Validity of Premarital Agreements
Arizona law, like that of most states, permits couples to enter into premarital agreements about their finances.
In Arizona, an agreement is valid as long as both spouses enter into it voluntarily and with full financial disclosure. If that is not the case, the agreement will not be enforced in Arizona.
So, does Arizona law apply to a premarital agreement when a couple marries in Arizona but moves elsewhere immediately? In Estate of Knipple v. Marshall & Ilsley Bank, 96 N.W.2d 514 (1959), the Wisconsin Supreme Court reviewed this issue.
Facts of the Case
Mr. Knipple and Mrs. Knipple married in Arizona, the state where wife lived. Soon after, they moved to Wisconsin, the state where husband lived and stayed there through his death.
Before the couple married, they signed a premarital agreement in Arizona prepared by husband. Under this agreement, wife was to receive a one-third life estate in husband’s estate when he died.
Husband did not disclose to her anything about his finances before she signed the agreement. In fact, he misinformed her about the result of signing it.
He said that if she didn’t, his children from an earlier marriage would receive more and she would receive less.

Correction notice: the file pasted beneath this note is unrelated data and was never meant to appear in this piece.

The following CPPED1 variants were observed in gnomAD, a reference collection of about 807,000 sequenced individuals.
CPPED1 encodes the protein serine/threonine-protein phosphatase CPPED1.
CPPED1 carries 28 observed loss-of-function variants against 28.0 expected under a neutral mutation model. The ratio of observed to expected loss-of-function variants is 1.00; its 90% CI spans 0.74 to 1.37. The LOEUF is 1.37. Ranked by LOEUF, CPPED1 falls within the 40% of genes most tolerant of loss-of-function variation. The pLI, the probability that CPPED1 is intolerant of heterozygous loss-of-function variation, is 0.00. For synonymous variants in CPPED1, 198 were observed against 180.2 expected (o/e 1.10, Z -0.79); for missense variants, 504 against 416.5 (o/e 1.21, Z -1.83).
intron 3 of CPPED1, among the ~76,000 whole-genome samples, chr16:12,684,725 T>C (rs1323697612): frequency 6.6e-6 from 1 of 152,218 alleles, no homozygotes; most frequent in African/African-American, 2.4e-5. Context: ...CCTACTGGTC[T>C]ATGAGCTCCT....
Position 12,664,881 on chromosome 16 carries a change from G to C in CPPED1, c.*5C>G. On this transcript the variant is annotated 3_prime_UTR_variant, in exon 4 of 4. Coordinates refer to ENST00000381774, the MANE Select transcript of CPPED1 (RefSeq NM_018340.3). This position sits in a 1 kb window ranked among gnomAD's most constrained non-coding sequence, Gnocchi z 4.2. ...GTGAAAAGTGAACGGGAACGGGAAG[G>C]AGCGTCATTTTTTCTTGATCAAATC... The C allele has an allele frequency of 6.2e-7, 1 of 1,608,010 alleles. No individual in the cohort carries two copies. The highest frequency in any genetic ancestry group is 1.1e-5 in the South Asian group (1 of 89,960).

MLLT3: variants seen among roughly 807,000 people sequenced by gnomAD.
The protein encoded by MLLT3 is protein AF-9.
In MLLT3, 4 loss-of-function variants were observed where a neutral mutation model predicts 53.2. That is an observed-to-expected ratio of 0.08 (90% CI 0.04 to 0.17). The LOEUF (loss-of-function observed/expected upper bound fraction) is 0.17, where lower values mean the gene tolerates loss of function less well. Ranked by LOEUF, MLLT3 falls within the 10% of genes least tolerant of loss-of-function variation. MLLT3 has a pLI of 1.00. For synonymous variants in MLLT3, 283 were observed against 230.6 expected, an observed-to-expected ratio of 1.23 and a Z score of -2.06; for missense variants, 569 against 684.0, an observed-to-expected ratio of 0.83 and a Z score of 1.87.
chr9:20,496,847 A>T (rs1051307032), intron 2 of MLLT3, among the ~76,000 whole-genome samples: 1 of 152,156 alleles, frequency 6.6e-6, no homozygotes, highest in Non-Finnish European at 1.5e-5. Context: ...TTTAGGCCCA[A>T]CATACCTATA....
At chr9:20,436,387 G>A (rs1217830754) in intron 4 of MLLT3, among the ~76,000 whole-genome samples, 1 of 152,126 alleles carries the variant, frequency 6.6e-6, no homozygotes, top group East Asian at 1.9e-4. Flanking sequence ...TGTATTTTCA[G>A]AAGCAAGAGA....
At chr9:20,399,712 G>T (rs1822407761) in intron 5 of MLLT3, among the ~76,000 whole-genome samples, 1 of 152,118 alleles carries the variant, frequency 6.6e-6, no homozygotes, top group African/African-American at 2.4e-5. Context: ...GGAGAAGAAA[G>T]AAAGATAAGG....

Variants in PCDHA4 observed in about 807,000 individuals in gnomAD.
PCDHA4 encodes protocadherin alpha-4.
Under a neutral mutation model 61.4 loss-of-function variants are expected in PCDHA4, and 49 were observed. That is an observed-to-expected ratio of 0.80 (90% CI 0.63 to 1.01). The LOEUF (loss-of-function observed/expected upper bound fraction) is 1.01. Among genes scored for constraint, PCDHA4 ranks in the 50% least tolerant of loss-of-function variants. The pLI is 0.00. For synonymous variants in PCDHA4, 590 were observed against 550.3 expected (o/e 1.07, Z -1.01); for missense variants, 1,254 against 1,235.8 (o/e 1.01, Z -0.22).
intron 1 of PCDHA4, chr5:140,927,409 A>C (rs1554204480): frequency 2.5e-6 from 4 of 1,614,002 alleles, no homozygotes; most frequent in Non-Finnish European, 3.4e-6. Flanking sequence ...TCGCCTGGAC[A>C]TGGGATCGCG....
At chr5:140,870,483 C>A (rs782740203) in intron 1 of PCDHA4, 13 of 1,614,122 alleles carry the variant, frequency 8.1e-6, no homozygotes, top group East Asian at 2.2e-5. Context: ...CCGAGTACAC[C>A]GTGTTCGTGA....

Wife saw the agreement 20 minutes before she was asked to sign it. She did not have a chance to get it reviewed by an attorney.
When husband died, his will went to probate in Wisconsin.
Wife asserted that the premarital agreement was invalid, since husband did not give full disclosure. The trial court ruled against Mrs. Knipple, upholding the agreement. This appeal followed.
Validity of Premarital Agreement – Arizona or Wisconsin Law?
The Wisconsin Supreme Court questioned whether Arizona or Wisconsin law applied to determine the validity of the premarital agreement.
The Court noted that different courts have different opinions about what law to use to determine the validity of premarital agreements.
Some use the law of the state where the agreement was made. Others use the law of the state where the couple first lived. It reviewed different approaches.
The Court concluded it was not required it to apply Arizona law to judge the validity of the Knippel agreement. It ruled that it should apply an “intention of the parties” rule.
Alternatively, it could look to whichever state had the most contacts with the situation. Under either test, the Court found, it should apply Wisconsin law.
Applying Wisconsin Law
The Court reviewed cases regarding a husband’s duty to disclose his finances before his wife signs a prenuptial agreement.
In the present case, it was acknowledged that there was no disclosure. However, the Court ruled that the lack of disclosure was irrelevant.
Since Wife agreed to take one-third of the estate, the bigger the estate, the more she would get.
Next, the Court determined that husband’s misrepresentation was not necessarily fraudulent. It said that Mrs. Knipple was a “highly interested witness” and that the trial court may have disbelieved her testimony.
The Wisconsin Supreme Court affirmed the lower court ruling. It upheld the validity of the prenuptial agreement under Wisconsin law.